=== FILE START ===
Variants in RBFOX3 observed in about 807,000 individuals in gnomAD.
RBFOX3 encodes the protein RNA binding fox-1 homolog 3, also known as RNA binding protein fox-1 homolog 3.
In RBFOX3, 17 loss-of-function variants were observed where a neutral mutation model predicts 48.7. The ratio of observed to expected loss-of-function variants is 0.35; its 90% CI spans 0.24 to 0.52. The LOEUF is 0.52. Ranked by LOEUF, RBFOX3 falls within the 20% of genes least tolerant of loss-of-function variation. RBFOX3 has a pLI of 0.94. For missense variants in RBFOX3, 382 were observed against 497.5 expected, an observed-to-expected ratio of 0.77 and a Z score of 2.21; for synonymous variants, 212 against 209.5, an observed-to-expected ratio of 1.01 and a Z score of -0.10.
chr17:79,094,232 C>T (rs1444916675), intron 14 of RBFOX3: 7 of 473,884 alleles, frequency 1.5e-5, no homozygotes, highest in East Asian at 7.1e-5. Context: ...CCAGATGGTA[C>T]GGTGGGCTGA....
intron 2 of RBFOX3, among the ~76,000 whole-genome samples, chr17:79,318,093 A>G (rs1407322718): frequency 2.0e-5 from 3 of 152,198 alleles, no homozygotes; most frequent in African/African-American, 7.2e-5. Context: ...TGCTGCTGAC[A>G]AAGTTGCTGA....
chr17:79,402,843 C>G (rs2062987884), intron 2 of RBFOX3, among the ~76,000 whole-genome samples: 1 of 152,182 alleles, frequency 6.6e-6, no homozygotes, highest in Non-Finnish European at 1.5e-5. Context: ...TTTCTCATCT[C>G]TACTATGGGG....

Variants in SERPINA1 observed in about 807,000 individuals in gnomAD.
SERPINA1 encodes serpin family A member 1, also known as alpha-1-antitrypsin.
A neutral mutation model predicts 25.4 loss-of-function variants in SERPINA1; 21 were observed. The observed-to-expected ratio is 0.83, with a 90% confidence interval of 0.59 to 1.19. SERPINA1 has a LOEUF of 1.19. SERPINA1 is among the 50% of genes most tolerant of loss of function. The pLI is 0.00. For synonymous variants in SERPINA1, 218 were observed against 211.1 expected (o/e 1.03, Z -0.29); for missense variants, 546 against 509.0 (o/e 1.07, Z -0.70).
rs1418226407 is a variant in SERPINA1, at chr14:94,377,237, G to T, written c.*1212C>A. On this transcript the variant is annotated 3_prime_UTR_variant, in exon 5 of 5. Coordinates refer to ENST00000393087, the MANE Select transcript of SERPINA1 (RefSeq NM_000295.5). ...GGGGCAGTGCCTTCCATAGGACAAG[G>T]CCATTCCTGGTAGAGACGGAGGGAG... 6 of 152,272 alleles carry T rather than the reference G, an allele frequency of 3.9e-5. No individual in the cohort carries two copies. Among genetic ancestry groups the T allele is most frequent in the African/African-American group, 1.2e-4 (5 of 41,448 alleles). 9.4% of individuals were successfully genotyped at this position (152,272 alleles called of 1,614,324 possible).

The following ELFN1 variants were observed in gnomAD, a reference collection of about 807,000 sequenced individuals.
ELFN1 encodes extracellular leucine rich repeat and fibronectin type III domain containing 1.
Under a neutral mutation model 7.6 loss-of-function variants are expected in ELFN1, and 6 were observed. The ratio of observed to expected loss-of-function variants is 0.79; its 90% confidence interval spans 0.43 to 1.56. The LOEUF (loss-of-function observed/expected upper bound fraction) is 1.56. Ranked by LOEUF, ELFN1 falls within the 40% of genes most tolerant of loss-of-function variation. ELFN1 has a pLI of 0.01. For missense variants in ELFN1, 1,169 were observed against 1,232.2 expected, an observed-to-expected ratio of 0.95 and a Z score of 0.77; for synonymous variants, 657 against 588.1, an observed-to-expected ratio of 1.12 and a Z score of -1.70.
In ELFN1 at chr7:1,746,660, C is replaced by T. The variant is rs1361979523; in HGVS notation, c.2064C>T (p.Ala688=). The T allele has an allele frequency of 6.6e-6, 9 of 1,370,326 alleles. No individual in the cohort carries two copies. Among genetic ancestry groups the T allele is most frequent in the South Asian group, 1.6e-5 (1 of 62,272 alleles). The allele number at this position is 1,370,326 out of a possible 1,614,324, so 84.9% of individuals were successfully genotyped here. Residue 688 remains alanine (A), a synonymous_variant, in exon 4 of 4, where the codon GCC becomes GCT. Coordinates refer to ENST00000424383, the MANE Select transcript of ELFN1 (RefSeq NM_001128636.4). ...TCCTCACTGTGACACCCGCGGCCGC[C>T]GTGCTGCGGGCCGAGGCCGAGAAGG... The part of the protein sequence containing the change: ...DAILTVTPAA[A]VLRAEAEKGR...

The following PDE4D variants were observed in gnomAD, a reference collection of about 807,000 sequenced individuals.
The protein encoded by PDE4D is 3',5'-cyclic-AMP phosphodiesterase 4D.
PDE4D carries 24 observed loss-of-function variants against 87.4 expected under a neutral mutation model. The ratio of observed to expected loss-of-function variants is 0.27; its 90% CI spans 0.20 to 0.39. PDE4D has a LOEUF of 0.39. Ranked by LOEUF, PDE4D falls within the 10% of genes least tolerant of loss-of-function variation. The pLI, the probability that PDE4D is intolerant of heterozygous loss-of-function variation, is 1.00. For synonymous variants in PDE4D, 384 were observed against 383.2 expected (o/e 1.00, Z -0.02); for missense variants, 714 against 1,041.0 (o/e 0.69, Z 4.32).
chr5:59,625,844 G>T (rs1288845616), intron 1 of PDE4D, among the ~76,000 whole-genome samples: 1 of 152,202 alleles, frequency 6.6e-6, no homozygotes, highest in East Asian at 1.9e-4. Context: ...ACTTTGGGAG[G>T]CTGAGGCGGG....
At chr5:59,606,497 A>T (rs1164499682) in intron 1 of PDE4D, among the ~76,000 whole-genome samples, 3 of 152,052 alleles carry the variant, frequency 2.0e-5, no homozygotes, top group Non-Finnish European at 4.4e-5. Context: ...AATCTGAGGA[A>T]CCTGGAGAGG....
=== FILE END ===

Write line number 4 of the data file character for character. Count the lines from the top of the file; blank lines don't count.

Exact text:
chr17:79,094,232 C>T (rs1444916675), intron 14 of RBFOX3: 7 of 473,884 alleles, frequency 1.5e-5, no homozygotes, highest in East Asian at 7.1e-5. Context: ...CCAGATGGTA[C>T]GGTGGGCTGA....